BBC America: Please Play More British Sitcoms

Lately, it seems as if the BBC America channel has turned into the Top Gear and Gordon Ramsay Channel, with a little Doctor Who thrown in just for kicks. It's appalling. Though reality television is increasingly popular, there are some who still like fiction.

Watching British sitcoms is like stepping back in time, or getting a postcard from that time period, or another place. Their humor is timeless and distinctly British. Take, for example, Monty Python's Flying Circus. That show as well as its subsequent films and specials have been beloved by generations of people across the globe. (Who hasn't laughed at "Olympic hide-and-go-seek?") The same is true of other British sitcoms such as Mr. Bean, which has been broadcast worldwide and made into both a cartoon and two feature films, My Family and even Absolutely Fabulous - anytime Edina goes down the stairs.

The fact that the BBC, which boasts "the biggest names in British television," isn't showing the legends of British comedy such as Jennifer Saunders of Absolutely Fabulous, Adrian Edmondson of The Young Ones, Monty Python's Flying Circus's John Cleese, and countless others is like not showing I Love Lucy, Seinfeld, or Friends on a UK-based television station that plays only imported U.S. sitcoms. They are part of British pop culture, which Americans seem to adopt.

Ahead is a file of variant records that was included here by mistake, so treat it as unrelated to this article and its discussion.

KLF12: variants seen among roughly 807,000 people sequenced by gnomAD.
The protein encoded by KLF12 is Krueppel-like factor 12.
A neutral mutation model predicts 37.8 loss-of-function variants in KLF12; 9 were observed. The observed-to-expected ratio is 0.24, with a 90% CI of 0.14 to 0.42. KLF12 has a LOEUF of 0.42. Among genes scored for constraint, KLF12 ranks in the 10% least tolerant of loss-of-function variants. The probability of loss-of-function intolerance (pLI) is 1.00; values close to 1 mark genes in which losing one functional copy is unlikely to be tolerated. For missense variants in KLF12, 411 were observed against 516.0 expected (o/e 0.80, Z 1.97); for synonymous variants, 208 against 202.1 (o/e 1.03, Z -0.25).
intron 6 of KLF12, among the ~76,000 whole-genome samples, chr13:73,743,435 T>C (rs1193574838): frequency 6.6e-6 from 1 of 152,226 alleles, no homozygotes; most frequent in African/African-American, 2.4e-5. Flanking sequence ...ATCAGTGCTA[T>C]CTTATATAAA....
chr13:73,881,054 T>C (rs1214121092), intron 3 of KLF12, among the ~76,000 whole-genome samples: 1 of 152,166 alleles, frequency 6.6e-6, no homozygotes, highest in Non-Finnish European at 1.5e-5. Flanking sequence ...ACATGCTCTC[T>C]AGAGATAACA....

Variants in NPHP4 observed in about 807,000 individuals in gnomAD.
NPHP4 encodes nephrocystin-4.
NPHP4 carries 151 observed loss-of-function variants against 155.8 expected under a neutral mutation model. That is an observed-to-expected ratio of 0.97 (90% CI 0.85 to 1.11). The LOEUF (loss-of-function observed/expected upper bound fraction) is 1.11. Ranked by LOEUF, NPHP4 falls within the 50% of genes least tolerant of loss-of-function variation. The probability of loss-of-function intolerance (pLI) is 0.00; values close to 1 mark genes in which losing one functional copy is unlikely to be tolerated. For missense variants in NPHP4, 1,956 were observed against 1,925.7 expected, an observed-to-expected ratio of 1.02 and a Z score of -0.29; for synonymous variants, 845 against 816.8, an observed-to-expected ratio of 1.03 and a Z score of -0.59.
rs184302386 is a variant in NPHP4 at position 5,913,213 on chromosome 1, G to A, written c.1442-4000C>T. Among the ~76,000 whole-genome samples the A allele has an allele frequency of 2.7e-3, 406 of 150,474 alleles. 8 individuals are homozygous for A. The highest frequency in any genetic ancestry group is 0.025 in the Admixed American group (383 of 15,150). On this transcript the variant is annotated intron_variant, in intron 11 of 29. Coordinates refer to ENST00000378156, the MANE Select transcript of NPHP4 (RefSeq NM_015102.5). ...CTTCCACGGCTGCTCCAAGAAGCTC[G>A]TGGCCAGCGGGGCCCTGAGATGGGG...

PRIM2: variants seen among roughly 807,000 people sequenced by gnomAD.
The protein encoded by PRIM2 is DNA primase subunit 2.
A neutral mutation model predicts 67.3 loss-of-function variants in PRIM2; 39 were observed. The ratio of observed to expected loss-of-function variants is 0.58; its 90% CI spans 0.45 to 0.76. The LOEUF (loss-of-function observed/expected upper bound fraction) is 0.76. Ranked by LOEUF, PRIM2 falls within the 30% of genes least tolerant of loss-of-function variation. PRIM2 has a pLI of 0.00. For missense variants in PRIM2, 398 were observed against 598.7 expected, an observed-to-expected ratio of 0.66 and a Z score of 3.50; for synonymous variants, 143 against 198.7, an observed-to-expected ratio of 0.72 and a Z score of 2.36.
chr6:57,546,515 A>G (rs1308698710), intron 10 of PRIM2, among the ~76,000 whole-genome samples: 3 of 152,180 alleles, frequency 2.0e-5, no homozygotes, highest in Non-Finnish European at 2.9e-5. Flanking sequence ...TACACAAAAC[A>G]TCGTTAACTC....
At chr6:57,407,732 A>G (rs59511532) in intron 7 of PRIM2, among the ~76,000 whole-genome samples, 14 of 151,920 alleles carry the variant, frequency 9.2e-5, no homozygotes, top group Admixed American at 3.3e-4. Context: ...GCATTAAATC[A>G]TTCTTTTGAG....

If something's funny, it should be able to translate well across any cultural barrier. The Office is a good example. While the British version is written by Ricky Gervais (who plays David Brent), the U.S. version is produced by Gervais.

It would be nice to see some of the more recent sitcoms, such as Miranda, a comedy about a socially awkward woman who works at joke shop. And we'd like to see reruns of French and Saunders, which pokes fun at Madonna and other cherished pop culture icons such as Titanic and Baywatch.

The BBC America needs to air more sitcoms. Look at how many British shows have been adapted into hit American television shows: Steptoe and Son (Sanford and Son), Till Death Do Us Part (All In the Family), Man About the House (Three's Company) and even Whose Line Is It Anyway. Likewise, American television has spawned many British remakes such as That 70's Show (Days Like These), Married.....With Children (Married For Life), The Golden Girls (The Brighton Belles) and Who's The Boss (The Upper Hand).

While some of these adaptations weren't successful, it still shows the cultural exchange that both British and American television share. It would be nice if BBC America would show more of that exchange.

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Christina Lynn
Contact: Christina Lynn